V: What do you think about people who don’t like exercises and scales and arpeggios - would they benefit from this course, or would, it would be counter-productive?
A: I think everybody would benefit from it, but it’s just question of personal choice.
V: Yes, some people enjoy playing repertoire straightaway.
A: Yes, that’s right. And it’s okay. If exercises are exhausting you or killing you, then why bother, if you are good at what you are doing?
V: And on the contrary, there are people that I even know personally who refrain from playing repertoire unless they can play exercises for a long time. They could practice exercises for weeks and months.
A: I guess probably for those people, simple exercises is like a therapy, like some sort of meditation, don’t you think so?
V: Yes because let’s say in this course you get one set of exercises every week, and if you learn one exercise per day, you’ll get kind of sense of accomplishment.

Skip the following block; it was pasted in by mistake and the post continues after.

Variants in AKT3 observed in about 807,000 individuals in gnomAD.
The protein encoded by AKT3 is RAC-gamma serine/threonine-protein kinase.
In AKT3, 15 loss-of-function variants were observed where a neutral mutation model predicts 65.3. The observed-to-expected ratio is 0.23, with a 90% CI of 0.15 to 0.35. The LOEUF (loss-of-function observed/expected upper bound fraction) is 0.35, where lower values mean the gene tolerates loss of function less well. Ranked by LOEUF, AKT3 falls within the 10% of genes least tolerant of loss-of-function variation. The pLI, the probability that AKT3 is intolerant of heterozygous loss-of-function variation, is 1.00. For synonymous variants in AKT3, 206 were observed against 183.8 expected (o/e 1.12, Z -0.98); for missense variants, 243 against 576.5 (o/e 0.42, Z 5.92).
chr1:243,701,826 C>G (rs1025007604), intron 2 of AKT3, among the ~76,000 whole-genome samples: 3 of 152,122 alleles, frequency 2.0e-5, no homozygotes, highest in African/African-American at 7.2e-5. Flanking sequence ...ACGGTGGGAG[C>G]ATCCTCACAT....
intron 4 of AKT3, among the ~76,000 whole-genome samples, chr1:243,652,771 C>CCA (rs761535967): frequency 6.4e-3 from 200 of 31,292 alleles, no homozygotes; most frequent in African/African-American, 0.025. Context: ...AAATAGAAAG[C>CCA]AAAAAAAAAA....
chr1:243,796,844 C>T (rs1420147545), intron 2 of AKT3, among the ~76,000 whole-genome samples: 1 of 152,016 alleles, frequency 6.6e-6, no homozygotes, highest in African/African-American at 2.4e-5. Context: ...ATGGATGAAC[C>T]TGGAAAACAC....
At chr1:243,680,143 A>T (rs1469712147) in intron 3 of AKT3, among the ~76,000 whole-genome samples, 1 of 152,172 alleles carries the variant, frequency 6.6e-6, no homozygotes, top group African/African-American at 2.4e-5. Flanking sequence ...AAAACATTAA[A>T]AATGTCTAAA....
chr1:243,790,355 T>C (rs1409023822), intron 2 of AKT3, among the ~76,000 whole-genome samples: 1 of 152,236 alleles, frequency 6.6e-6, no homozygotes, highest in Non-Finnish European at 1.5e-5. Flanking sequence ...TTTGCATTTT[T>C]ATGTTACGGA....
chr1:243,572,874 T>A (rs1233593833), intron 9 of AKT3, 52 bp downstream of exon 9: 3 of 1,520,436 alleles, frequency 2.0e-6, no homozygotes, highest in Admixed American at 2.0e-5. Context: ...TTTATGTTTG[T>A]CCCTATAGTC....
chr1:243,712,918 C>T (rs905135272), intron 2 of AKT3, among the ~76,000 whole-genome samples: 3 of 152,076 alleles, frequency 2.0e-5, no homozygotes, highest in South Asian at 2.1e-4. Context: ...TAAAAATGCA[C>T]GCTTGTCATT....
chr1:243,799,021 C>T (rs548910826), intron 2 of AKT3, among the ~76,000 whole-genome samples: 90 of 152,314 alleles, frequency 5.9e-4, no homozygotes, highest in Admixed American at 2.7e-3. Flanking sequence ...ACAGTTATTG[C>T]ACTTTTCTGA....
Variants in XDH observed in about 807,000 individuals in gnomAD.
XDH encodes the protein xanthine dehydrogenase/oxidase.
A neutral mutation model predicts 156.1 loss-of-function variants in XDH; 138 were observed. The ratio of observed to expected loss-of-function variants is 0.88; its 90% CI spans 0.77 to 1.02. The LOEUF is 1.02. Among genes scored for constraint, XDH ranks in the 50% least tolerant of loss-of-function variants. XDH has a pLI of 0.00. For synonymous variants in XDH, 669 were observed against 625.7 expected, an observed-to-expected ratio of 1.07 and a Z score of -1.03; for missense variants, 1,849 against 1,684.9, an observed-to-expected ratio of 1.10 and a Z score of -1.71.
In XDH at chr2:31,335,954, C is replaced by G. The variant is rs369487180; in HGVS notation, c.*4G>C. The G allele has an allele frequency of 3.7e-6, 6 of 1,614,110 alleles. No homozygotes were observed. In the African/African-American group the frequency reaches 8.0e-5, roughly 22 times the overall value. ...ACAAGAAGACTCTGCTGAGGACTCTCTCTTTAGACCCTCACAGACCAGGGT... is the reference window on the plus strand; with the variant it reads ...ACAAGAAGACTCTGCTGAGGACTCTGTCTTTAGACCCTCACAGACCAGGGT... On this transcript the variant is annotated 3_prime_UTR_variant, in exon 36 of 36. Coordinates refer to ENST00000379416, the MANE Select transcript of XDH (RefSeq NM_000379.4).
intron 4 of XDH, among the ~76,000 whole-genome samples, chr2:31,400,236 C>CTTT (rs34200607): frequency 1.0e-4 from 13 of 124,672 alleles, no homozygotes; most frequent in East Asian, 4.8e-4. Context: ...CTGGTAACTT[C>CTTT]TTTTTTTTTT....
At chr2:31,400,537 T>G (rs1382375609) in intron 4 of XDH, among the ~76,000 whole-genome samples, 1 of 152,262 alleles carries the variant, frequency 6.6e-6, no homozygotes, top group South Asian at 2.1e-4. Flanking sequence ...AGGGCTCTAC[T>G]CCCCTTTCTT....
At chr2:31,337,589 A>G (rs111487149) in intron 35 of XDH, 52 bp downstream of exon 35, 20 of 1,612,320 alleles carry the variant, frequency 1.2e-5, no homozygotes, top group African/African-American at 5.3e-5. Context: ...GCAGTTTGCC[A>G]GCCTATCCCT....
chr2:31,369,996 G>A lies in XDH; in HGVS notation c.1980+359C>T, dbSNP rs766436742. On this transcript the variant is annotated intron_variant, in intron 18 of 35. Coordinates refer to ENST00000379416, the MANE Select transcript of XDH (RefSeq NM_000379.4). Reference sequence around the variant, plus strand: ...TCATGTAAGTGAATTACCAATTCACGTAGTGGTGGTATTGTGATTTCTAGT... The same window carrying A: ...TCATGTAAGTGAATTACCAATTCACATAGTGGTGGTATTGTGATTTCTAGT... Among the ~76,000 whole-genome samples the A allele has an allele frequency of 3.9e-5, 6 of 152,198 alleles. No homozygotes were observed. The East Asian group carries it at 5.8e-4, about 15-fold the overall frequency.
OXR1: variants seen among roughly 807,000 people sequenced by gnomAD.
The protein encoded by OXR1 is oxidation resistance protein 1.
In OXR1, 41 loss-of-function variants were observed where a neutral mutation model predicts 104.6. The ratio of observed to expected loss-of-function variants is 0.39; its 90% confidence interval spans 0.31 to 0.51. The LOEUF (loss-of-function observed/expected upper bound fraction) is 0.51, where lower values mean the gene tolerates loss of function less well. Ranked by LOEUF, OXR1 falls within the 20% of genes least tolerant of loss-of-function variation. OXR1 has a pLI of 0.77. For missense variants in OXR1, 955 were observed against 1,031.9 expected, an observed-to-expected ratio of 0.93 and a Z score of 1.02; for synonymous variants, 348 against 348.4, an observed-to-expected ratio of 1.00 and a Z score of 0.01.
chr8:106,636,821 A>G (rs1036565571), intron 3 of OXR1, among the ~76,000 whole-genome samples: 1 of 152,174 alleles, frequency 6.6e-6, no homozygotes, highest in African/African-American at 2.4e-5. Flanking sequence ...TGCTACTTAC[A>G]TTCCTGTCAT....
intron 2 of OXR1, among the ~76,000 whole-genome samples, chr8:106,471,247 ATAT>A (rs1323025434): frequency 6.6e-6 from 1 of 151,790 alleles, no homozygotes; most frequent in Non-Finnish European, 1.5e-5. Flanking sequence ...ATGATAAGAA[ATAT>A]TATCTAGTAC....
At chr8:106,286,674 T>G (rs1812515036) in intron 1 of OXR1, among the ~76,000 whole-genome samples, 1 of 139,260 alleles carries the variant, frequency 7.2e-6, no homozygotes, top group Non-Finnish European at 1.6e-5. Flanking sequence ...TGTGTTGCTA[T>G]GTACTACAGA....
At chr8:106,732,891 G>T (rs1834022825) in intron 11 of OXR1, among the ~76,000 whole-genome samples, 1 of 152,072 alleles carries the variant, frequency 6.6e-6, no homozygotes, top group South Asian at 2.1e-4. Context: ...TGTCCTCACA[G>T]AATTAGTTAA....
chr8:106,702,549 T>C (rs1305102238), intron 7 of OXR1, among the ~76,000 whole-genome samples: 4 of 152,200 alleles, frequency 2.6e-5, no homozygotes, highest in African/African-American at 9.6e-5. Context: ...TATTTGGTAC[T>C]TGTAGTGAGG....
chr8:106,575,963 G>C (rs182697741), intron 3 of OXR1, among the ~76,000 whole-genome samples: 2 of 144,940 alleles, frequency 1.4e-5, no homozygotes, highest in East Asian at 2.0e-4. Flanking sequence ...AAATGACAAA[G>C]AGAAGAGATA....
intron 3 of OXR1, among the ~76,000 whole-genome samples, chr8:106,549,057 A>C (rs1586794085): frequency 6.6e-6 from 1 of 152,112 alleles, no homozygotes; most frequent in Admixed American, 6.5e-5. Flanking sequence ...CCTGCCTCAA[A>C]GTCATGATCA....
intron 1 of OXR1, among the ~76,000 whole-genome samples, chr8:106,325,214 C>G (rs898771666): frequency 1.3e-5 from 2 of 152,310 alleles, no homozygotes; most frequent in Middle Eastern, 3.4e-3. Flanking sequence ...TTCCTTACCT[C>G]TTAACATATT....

A: Sure, and I guess it’s up to each person to find her or his own way, what really works.
V: Yeah. Some people play hymns instead of repertoire or exercises. They’re not interested.
A: Which is also perfectly normal, because hymns are fun to play, and they are naturally really pleasing, even musically.
V: I found that using hymns in organ demonstrations is really really fun, both for the performer and hopefully for the listener too.
A: Yes, especially if you grew up in a church and certain hymns are really deep under your skin.
A: And it really appeals to many people, I think.
V: Yeah. It depends who’s listening, of course.
V: If you are someone who never sang hymns, then probably organ demonstrations with a different kind of music would work better. All right guys. This was Vidas.
A: And Ausra.
V: Please send us more of your questions. We love helping you grow. And remember, when you practice,
A: Miracles happen.
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Drs. Vidas Pinkevicius and Ausra Motuzaite-Pinkeviciene
Organists of Vilnius University , creators of Secrets of Organ Playing.